Every That’s What She Said – watch more funny videos

Everyone should know by now the joke “that’s what she said,” used in retort to any type of sexual double entendre. Importantly, “that’s what she said” is used when the phrase immediately prior could be construed as something a woman would say in a sexual context. The following are some examples of statements that can properly be followed with “that’s what she said.”

  • You really think you could go all day long?
  • Why is this so hard?
  • You already did me.
  • I can’t stay on top of you twenty-four seven.

What these have in common is that each phrase can conceivably be said by a woman in a typical heterosexual context. They are double entendres, phrases that could be construed in more than one meaning, often with a risque, inappropriate or ironic secondary meaning.

Given its spread to popular culture, everyone think they are Steve Carrell and overuse the joke. “That’s what she said” certainly lends itself to many situations considering numerous euphemisms for sex and sexual situations. However, this doesn’t mean “that’s what she said” can be used in every instance of something sexual. Keep in mind what it actually means. It has to be a spoken phrase that a female partner could conceivably say in a sexual encounter. Therefore, not every semi-sexual phrase can be followed by “that’s what she said.” Sometimes it just doesn’t make sense. Examples of improper use of “that’s what she said” are as follows:

  • This sucks.
  • They did it on the roof.
  • You’re all a bunch of dicks.

You get the picture. They just aren’t things that “she” would say. So don’t use an already-played out joke improperly.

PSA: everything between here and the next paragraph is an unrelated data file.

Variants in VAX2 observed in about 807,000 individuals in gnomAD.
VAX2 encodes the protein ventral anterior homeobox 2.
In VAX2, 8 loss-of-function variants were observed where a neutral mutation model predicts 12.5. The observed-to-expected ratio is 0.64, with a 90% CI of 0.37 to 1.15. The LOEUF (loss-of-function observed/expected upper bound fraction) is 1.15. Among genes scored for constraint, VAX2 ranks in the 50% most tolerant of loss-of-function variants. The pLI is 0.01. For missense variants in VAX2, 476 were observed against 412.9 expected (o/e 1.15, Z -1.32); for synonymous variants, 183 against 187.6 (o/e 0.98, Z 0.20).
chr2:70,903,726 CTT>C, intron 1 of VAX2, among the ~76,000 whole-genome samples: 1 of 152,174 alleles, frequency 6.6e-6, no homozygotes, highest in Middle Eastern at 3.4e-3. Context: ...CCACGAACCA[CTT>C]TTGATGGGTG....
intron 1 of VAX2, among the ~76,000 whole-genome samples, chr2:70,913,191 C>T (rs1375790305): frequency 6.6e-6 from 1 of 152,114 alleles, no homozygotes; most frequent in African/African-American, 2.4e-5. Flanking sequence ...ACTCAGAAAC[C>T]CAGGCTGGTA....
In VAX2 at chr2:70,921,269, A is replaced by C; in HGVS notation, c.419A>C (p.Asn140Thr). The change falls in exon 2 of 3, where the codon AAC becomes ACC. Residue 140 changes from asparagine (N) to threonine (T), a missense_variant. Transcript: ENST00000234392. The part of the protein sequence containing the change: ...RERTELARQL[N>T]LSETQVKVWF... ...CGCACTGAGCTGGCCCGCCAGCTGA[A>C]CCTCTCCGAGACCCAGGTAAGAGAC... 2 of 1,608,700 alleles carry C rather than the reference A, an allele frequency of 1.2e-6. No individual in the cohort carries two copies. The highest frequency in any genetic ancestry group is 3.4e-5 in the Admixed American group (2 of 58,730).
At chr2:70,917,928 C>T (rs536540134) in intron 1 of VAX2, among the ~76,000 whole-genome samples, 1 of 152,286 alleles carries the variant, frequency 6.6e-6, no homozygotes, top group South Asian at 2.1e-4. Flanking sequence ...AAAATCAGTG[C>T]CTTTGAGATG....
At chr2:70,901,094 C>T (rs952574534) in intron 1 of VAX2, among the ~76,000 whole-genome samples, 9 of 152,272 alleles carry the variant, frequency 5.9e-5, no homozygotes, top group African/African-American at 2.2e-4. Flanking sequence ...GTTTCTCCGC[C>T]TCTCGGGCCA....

Anytime a product is named by its intended function, it should be able to satisfactorily perform said function. That’s a simple concept, one I feel few people would reject. Case in point: the toothpick. Granted, I did not do any research into the history of toothpicks besides a¬†cursory¬†glance at Wikipedia, but I think it’s fairly safe to say that toothpicks were invented with one specific function. At the very least, the toothpicks marketed now are sold with some expectation that they will be used to pick teeth. Hence, my frustration at having to grab a handful of these toothpicks every time I want to remove one bit of detritus from my teeth.

I grew up believing all toothpicks came in those shakers they have at each table at Chinese restaurants. Up until I moved to New York, I have never bought a box of toothpicks that weren’t Chinese made. Strangely enough, Chinese made toothpicks seem to be higher quality than the American Penley brand I bought this time. Maybe it’s because these toothpicks are flat instead of round, but the quality of the manufacturing is truly sub-par. The above pictured are just a random sample I pulled from the box. Splinters, broken tips and uneven shaping were common. Worst yet, not one of the toothpicks have the structural integrity to remove anything from my teeth.

I acknowledge that there are alternative uses to toothpicks. But at the very least, it should be able to do the one thing it was meant to do.